See more of the story

A few years ago, Chisago County farmer Max Gustafson needed a way to stop his cattle from wandering into a nearby wetland and polluting it in the process.

What started then with a federal grant to install a 1,350-foot fence has evolved into a series of environmentally friendly practices on Gustafson's farm near Center City, which has been in his family since 1879.

The fence allowed a buffer of plants to spring up naturally between the pasture and the banks of the wetland sprawling from South Center Lake. Then Gustafson planted hay on erosion-prone ground in another section.

And now he's adopted the no-till method of planting on his roughly 300 acres of corn and soybeans — leaving the soil largely undisturbed. The green practices have helped protect the area's water from soil erosion and cow manure.

"The water here in the Chisago Lakes area is a really important resource for everybody," Gustafson said.

Persuading farmers to stop tilling their fields or to maintain buffers between waterways doesn't happen overnight, said Craig Mell, district administrator for the Chisago Soil and Water Conservation District. The district routinely holds field day demonstrations where local farmers talk about what they're doing on their land.

Farm runoff from manure, lost topsoil and fertilizers can pollute lakes and streams and cause algae blooms, as well as taint some rural drinking water wells. It eventually runs into rivers such as the Mississippi, which can carry pollution as far as the Gulf of Mexico. There, algae feast on the nutrient runoff and die, creating an oxygen-depleted "dead zone" every summer.

While all counties in Minnesota have soil and water conservation districts, Chisago County also has a Lakes Improvement District that collects money to protect the waters in its chain of lakes. That local fund has been an important tool to improve water quality, Mell said.

"We've done the door-knocking to start talking to the farmers, talk to the landowners about these projects," Mell said. "In a lot of cases it takes a neighbor to do something first." Gustafson, he added, "has been a great example of a leader."

Gustafson said he first heard about no-till at a field day from another farmer who had used the technique for 15 years.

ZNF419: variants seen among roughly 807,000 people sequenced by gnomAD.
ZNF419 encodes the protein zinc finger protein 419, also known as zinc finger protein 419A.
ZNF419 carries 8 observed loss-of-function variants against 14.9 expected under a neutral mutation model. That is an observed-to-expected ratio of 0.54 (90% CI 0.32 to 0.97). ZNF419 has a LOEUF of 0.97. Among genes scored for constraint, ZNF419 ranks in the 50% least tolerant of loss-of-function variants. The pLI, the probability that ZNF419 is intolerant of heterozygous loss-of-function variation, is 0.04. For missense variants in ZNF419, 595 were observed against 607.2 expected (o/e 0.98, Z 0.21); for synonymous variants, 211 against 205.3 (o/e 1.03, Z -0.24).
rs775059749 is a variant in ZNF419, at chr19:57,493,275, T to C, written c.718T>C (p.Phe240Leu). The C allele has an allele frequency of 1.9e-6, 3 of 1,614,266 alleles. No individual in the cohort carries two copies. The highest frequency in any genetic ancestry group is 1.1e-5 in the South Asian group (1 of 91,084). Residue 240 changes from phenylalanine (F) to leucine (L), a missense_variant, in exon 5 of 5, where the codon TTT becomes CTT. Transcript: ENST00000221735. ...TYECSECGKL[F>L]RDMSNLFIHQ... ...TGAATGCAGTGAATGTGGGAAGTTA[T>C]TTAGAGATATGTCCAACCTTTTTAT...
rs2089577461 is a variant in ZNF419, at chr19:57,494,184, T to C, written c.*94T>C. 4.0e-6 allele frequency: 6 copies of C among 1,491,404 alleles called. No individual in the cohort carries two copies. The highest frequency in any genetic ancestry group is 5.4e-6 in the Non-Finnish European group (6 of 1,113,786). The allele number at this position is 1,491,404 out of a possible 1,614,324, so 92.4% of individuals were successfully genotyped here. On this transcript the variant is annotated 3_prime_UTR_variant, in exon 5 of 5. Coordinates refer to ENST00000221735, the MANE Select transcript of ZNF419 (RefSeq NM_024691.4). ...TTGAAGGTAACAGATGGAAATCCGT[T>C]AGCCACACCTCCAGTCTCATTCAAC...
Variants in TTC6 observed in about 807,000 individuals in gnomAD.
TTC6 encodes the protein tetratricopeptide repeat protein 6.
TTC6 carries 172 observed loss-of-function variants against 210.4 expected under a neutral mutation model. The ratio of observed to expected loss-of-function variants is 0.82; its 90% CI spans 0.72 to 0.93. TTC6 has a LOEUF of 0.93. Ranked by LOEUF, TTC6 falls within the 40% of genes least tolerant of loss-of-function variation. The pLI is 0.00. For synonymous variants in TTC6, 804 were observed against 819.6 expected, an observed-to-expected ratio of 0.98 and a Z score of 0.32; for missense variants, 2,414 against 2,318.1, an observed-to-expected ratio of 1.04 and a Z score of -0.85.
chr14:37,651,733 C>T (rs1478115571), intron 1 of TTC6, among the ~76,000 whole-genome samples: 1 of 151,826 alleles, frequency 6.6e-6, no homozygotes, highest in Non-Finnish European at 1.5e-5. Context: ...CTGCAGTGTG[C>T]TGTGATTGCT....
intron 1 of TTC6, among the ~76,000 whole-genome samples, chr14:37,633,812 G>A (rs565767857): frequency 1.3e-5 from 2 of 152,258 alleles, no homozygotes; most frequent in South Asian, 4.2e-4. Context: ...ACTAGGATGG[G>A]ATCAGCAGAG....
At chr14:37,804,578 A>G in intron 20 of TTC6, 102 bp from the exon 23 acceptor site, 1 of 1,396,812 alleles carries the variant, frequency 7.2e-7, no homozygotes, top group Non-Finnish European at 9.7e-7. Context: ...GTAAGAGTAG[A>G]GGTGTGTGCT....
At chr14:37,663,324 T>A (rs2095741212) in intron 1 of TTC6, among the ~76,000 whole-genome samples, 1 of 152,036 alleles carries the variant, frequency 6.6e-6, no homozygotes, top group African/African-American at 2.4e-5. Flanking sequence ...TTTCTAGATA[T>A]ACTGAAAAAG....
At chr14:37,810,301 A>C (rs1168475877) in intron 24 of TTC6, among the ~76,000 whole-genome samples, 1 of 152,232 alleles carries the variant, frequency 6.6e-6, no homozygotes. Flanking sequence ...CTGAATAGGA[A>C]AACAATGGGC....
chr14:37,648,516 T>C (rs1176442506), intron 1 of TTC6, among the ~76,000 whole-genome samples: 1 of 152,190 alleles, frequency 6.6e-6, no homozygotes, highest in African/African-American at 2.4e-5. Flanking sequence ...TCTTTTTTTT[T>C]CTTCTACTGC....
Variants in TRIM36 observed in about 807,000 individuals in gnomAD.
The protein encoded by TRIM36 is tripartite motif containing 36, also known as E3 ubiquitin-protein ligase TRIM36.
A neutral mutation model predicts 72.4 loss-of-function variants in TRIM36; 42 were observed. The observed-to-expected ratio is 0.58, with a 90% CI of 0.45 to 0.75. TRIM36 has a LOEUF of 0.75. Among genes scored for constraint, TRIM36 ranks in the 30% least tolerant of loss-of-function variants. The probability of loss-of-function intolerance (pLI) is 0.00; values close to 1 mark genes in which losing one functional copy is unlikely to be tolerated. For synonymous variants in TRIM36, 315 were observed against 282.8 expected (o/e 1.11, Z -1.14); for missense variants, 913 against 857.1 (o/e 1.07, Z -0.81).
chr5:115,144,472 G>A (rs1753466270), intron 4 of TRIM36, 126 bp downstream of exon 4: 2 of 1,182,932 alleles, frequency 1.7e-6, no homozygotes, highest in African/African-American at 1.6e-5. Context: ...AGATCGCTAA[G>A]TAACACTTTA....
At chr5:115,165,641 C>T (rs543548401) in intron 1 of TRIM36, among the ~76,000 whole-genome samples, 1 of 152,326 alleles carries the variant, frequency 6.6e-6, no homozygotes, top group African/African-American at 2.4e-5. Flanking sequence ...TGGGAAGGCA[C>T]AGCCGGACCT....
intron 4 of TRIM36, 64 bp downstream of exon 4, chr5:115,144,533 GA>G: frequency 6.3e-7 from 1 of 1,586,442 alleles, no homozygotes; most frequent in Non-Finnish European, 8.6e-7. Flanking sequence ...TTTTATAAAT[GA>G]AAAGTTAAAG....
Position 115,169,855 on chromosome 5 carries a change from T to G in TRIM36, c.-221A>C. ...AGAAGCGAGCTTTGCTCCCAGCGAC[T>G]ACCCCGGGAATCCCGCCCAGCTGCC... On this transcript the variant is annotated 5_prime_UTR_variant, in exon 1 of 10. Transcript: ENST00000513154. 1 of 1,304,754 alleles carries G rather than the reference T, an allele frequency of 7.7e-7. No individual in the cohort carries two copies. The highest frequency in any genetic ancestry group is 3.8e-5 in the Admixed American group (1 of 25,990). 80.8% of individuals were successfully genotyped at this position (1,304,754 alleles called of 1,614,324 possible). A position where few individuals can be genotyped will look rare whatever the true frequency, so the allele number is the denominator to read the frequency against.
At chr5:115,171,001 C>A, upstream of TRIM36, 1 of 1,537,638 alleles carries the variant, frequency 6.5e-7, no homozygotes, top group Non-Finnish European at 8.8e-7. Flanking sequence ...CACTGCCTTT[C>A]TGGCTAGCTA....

In the spring, farmers typically plow their fields and turn up black soil so that the ground warms up and readies for planting. But with no-till the ground is left undisturbed, except for the new seed — keeping the soil in place, reducing erosion and helping with water infiltration. The roots of last year's crop stay in the soil and die off, leaving pathways for water to soak in, Gustafson said.

A 2018 review of studies on what pushes farmers to adopt clean-water practices, published in the environmental journal Sustainability, showed that person-to-person interaction was an important factor. "Conservation education can be improved by encouraging more interpersonal contact between conservation agencies and farmers, and the need for farmer-to-farmer communication," the review states.

It also found that financial incentives can encourage early adopters of conservation practices. Mell's office routinely looks for funding from local, state and federal sources to help farmers who may need assistance.

Gustafson has received $156 per acre from a federal program to plant hay on 8 acres to stop erosion, $13.80 an acre in federal money to practice no-till, and about $3,000 in state and local funding toward his fence.

Such incentives are usually tied to contracts that may require farmers to keep water-protecting practices in place for up to 10 years. There's always the possibility they won't persist after the contract ends, Mell said.

But Gustafson said he has no plans to stop. He's found that not tilling his fields in the spring has saved him time and reduced tractor fuel costs, in addition to saving his soil.

The result of Gustafson's efforts and other water quality projects funded by Chisago County's Lakes Improvement District is that both North Center and South Center lakes have been taken off Minnesota's list of impaired waters.

"The work that we're doing is getting good conservation on the ground, which is making a big difference on water quality," Mell said.